In a perfect world, we’d never print another article like Tony Nicoletto’s page one story about his miraculous recovery from a farm accident. Or we’d never share Raymond Koch’s story or Herman Miller’s story (found in this week’s special farm safety supplement) about going through life without an arm, both due to farm accidents.
In a perfect world, accidents never happen.
But if it were up to me, we’d feature a farm safety story each week. Someone’s life shattered or irrevocably altered.
Maybe then, you’d pay attention.
Maybe then, you’d change your ways.
Maybe then, I’d stop seeing 10-year-olds riding on the fender of a tractor. Maybe then, I’d stop talking to dairymen with cleanup bulls on their farms.
Accidents happen. I know that. We’re human; we make mistakes. Farmers work long hours during busy seasons, with a small window to get the job done. They’re tired; they’re stressed.
But an awful lot of farm accidents happen because we’re too cheap, too invincible, too lazy. And sometimes, we’re just ignorant of the dangers. But when we know the risks and take them anyway, we’re just plain stubborn.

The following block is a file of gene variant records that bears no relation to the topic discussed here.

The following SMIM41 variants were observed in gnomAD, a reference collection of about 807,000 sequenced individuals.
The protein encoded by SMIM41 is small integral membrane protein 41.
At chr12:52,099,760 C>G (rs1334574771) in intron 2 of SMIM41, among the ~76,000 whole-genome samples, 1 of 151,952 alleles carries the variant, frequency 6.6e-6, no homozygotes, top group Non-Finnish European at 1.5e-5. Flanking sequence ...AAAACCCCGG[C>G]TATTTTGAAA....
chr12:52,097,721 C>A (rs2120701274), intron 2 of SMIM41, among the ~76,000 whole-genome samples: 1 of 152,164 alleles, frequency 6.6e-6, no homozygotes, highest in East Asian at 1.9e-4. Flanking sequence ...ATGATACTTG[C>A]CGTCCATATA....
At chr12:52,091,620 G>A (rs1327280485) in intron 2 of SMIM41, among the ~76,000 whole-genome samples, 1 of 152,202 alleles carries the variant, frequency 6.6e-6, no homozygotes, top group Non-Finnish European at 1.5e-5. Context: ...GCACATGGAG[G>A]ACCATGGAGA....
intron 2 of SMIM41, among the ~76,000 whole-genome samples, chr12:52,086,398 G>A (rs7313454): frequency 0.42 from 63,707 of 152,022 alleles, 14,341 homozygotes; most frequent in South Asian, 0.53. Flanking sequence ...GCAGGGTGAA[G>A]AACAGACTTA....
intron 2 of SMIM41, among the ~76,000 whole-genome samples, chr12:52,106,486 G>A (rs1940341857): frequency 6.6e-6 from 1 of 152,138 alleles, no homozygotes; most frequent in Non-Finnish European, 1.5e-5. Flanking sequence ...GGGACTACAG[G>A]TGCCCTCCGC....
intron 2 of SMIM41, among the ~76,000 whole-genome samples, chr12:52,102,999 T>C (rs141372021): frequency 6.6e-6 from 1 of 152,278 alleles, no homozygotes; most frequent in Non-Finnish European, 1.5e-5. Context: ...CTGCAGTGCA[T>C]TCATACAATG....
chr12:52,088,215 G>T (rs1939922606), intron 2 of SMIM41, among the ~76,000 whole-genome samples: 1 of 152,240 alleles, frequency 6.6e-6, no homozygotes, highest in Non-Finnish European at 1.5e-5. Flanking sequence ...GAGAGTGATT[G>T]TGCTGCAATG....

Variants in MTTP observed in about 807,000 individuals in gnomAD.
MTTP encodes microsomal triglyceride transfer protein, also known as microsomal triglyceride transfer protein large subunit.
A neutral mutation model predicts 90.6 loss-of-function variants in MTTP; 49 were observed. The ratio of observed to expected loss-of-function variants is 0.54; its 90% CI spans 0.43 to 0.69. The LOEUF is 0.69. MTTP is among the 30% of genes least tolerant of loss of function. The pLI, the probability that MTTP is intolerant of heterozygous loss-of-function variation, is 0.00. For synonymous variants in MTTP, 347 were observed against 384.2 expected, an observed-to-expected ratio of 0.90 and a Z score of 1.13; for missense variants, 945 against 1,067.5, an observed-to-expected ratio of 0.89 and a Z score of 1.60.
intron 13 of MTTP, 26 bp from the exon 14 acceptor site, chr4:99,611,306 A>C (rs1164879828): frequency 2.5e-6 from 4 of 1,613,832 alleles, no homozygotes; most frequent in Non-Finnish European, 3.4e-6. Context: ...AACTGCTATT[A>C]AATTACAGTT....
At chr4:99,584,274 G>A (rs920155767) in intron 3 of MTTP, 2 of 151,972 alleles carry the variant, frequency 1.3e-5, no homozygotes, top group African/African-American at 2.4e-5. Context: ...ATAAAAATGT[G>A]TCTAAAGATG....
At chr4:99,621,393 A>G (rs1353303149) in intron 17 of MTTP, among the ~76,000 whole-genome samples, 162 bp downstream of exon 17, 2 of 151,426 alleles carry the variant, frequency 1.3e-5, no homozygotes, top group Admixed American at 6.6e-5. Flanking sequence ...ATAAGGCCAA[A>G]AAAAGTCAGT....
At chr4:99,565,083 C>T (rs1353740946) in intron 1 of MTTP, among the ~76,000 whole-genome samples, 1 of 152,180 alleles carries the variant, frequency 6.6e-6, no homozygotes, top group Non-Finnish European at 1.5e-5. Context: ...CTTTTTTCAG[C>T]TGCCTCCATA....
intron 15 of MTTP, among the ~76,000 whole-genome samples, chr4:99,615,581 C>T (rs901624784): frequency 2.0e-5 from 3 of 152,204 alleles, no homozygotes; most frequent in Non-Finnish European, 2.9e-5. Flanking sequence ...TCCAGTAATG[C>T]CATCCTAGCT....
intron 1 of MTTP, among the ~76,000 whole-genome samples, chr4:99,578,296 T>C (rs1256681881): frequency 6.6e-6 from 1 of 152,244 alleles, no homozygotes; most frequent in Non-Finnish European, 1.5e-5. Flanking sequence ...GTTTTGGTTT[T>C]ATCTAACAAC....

It takes only a second … to disengage the PTO … to turn off the tractor … to go get a second pair of hands … to put on the safety goggles … to use the ear plugs. Likewise, it takes only a second to reach across the spinning PTO and become entangled. It takes only a second to blow up a fuel tank while refueling with the tractor engine running. It takes only a second for that tractor to flip over.
Minnesota farmer Kevin Papp puts it this way: “For every serious agricultural injury, the victim will have experienced 10 close calls, 30 cases of personal property damage, and 600 instances when nothing happened at all.
“It’s like choosing one piece of candy from a bag of 641 – 40 coated with Ex-Lax and one with poison. Would you take a piece? Of course not.”
When a farm accident rocks a local community, we’re all a little more careful. For awhile. Then, most of us slide back into our bad habits. We know better, but we’re so used to getting away with our little shortcuts that we think it can’t happen to us.
But it can. It does.
Last year in Pennsylvania, 25 people died in farm accidents. Twenty-one people died in Ohio.
Tony Nicoletto doesn’t like talking about his accident. But he does.
He, like Raymond Koch and Herman Miller, just hopes someone out there is listening.
We do, too.
(Farm and Dairy Editor Susan Crowell can be reached at 800-837-3419 or at firstname.lastname@example.org.)
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